Please let me introduce myself. My name is Leon C Glover III. I am a self-taught chef and winemaker whose primary background is in technology (software development — device drivers to SAAS, project management and search engine developer) and business development (entrepreneurship and Venture Capital).
My love of engineering, food and wine have all combined into the launch of Lionheart Wines. A winemaker is a strange mix of the following things: biochemist, biologist, mechanic, chef, business development, project manager, marketter, salesman and engineer (problem solver). On any given day, a winemaker will wear 5 or 6 different “hats”. The combination of problem solving, rapidly evolving tasks and technical know-how / research is fantastic for me! It is constantly evolving and challenging work environment which helps to stretch my mind and forces me to be a more rounded and complete person.
Personal wine preferences:
I started off with a strong bias towards very fruity, new world styles particularly California wines. Thankfully, my wine education and palate training has exposed me to wines from all over the world. It is very true that a person’s palate is constantly changing. I am past my bias towards California wines and am very open to wines from all over the world. I do still like fruit vs. barnyard in my wines but do enjoy a bit of barnyard in some of my Burgundians. I enjoy a crisp level of acidity in wine as having wine with food is quite important to me.
My style of winemaking is a combination of old-world complexity and ageability with the fruit-forward style of the new world. In California, we are very lucky to be able to grow nearly any grape varietal that we want given the range of soil and climate in the state. The typically long growing season allows for concentrated, complex fruit flavors and developed phenolic maturity at the expense of acidity and high-sugar levels. However, with good winemaking techiniques, you can combine the good fruit qualities, proper wood aging and better winemaking through chemistry to produce a wine that has great fruit, complexity aromatically / palate, balanced acidity and reasonable alcohol levels. I do try to keep the alcohol levels down as I enjoy wine drinking vs. getting drunk.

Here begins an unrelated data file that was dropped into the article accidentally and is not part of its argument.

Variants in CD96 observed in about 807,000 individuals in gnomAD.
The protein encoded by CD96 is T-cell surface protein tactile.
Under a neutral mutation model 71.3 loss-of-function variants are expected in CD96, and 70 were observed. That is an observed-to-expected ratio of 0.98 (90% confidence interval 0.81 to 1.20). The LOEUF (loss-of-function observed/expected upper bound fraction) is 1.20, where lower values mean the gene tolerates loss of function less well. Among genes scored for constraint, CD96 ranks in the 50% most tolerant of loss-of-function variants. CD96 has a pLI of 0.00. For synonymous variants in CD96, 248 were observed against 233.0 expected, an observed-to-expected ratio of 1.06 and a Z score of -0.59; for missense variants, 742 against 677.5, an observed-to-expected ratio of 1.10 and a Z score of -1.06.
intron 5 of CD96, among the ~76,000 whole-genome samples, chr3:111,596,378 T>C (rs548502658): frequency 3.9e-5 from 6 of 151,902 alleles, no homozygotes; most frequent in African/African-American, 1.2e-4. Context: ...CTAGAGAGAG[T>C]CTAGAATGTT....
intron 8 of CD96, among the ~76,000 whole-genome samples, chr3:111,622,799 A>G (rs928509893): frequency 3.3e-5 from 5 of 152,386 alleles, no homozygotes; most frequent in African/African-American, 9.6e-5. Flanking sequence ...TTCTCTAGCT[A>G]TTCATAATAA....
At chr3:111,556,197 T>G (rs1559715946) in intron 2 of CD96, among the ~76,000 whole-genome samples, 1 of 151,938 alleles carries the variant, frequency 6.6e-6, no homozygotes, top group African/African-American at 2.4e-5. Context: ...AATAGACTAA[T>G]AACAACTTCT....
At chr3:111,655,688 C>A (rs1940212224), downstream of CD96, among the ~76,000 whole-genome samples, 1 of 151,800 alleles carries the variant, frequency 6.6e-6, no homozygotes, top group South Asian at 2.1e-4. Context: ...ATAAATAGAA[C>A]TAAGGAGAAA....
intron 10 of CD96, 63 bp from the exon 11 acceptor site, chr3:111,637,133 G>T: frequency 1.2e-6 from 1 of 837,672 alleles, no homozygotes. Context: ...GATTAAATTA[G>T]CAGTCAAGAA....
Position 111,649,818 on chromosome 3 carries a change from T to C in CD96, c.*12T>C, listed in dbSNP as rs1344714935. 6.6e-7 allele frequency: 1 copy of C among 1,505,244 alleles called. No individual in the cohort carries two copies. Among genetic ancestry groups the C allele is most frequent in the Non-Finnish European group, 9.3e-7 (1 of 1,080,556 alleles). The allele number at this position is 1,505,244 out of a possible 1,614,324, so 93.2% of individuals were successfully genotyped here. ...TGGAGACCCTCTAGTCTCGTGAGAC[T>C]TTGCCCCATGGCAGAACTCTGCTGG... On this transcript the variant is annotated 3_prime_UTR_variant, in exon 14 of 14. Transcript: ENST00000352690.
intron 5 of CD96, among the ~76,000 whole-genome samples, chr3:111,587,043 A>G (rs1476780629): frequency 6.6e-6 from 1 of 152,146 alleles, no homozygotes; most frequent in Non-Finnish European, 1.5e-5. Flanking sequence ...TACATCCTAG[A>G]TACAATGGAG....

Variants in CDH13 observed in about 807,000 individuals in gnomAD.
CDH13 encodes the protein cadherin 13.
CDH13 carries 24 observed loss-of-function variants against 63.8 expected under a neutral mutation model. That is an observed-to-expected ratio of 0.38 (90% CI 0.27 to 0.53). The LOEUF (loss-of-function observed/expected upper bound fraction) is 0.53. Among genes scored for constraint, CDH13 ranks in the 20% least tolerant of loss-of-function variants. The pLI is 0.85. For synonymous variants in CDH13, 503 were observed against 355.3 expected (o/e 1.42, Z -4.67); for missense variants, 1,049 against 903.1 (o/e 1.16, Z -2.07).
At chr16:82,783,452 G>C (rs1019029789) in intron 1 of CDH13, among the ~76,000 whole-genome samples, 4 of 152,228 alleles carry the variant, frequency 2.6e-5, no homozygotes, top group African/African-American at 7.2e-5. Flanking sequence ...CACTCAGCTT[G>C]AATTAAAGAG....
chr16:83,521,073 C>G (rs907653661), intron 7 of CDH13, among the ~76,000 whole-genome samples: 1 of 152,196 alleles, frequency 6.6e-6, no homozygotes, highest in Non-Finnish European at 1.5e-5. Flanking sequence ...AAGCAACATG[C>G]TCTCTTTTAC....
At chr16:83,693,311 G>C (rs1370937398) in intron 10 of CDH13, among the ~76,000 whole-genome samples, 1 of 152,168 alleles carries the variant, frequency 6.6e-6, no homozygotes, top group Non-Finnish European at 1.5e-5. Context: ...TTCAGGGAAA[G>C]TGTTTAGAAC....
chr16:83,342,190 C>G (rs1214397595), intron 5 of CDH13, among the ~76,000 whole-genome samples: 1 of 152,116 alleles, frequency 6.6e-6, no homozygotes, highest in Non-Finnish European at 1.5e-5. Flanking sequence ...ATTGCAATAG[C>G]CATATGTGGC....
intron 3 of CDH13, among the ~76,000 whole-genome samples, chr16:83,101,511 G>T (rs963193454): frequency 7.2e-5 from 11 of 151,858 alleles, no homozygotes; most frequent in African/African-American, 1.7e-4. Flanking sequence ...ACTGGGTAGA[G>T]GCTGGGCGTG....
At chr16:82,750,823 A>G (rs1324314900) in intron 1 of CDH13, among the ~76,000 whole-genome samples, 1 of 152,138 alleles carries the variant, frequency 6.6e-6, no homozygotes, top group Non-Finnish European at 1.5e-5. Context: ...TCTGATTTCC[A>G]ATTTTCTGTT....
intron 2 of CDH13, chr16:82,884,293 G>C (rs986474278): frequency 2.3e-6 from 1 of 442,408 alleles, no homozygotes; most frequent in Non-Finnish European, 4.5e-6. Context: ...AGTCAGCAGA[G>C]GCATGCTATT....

White wine: I prefer wines with limited oak influence. If I wanted buttery flavor characteristics in my wine, I would suck on a buttered oak stave. So, the white wines we make are lightly oaked; generally, aged in neutral oak barrels. I like the effect of barrel aging but not the buttery (Diacetyl) effect or strong wood flavors.
Red Wine: I like red wine in general. The types and styles of red wine can range tremendously based on what food I am having with the wine. The range of flavors and aromas in red wine is tremendous and I enjoy nearly all of them (not including faults that is especially Brett). A few wines I enjoy are: Barossa Valley Estate, Black pepper E&E; J. Lohr South Ridge Syrah; Gamba Vineyards Russian River Valley Zinfandel; Priorat Cabernet Sauvignon; Otago Pinot Noir; Germany Zweigelt; Brunello di Montapulciano; Eric Kent Big Boy Blend; Margaret River Cabernet Sauvignon; Cotie Rotie Syrah; Bordeaux — left and right bank, many growths; and many, many more.
My red wines are made for overall complexity, balance, integrated silky wood tannins, concentration and acidity to allow for potential cellar aging yet approachable enough to be drinkable at release.